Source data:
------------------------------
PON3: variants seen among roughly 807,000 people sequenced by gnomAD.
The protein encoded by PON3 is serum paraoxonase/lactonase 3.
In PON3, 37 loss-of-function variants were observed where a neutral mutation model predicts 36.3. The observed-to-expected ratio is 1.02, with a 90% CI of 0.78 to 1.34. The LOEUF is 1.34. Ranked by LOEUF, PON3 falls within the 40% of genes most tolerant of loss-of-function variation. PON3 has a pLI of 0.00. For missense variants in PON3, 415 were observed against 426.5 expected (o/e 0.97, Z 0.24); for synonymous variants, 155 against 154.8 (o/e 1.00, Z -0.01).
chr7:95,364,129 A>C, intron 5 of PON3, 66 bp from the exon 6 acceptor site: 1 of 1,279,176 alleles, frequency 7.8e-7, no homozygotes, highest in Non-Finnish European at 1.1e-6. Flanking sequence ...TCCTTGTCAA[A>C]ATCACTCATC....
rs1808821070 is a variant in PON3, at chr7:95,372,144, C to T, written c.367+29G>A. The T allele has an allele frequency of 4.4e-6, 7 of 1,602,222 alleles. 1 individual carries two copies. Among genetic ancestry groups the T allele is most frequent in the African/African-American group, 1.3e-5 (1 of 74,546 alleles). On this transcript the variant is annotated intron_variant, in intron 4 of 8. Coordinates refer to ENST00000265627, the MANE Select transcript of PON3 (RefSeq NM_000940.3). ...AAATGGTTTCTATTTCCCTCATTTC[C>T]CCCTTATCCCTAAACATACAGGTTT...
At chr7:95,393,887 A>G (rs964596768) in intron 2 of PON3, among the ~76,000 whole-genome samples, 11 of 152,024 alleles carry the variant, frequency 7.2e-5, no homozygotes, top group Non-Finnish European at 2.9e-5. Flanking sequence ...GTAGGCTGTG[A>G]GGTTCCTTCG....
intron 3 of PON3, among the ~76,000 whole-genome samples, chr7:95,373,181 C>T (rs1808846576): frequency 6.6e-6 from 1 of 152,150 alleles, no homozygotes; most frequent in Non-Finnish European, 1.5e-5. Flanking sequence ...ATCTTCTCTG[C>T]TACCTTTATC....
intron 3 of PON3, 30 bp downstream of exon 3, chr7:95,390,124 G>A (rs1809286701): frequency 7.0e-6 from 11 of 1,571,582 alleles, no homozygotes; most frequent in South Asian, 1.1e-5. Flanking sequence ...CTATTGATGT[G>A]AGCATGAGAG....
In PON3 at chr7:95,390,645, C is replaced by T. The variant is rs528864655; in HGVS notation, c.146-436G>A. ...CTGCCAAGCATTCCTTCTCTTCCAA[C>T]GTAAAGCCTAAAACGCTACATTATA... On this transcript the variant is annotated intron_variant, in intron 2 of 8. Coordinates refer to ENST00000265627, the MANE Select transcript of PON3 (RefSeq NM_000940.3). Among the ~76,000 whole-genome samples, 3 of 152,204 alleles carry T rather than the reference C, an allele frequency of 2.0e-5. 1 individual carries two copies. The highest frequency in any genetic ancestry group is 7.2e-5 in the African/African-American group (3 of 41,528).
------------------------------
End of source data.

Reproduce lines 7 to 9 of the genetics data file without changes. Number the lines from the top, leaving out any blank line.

intron 3 of PON3, among the ~76,000 whole-genome samples, chr7:95,373,181 C>T (rs1808846576): frequency 6.6e-6 from 1 of 152,150 alleles, no homozygotes; most frequent in Non-Finnish European, 1.5e-5. Flanking sequence ...ATCTTCTCTG[C>T]TACCTTTATC....
intron 3 of PON3, 30 bp downstream of exon 3, chr7:95,390,124 G>A (rs1809286701): frequency 7.0e-6 from 11 of 1,571,582 alleles, no homozygotes; most frequent in South Asian, 1.1e-5. Flanking sequence ...CTATTGATGT[G>A]AGCATGAGAG....
In PON3 at chr7:95,390,645, C is replaced by T. The variant is rs528864655; in HGVS notation, c.146-436G>A. ...CTGCCAAGCATTCCTTCTCTTCCAA[C>T]GTAAAGCCTAAAACGCTACATTATA... On this transcript the variant is annotated intron_variant, in intron 2 of 8. Coordinates refer to ENST00000265627, the MANE Select transcript of PON3 (RefSeq NM_000940.3). Among the ~76,000 whole-genome samples, 3 of 152,204 alleles carry T rather than the reference C, an allele frequency of 2.0e-5. 1 individual carries two copies. The highest frequency in any genetic ancestry group is 7.2e-5 in the African/African-American group (3 of 41,528).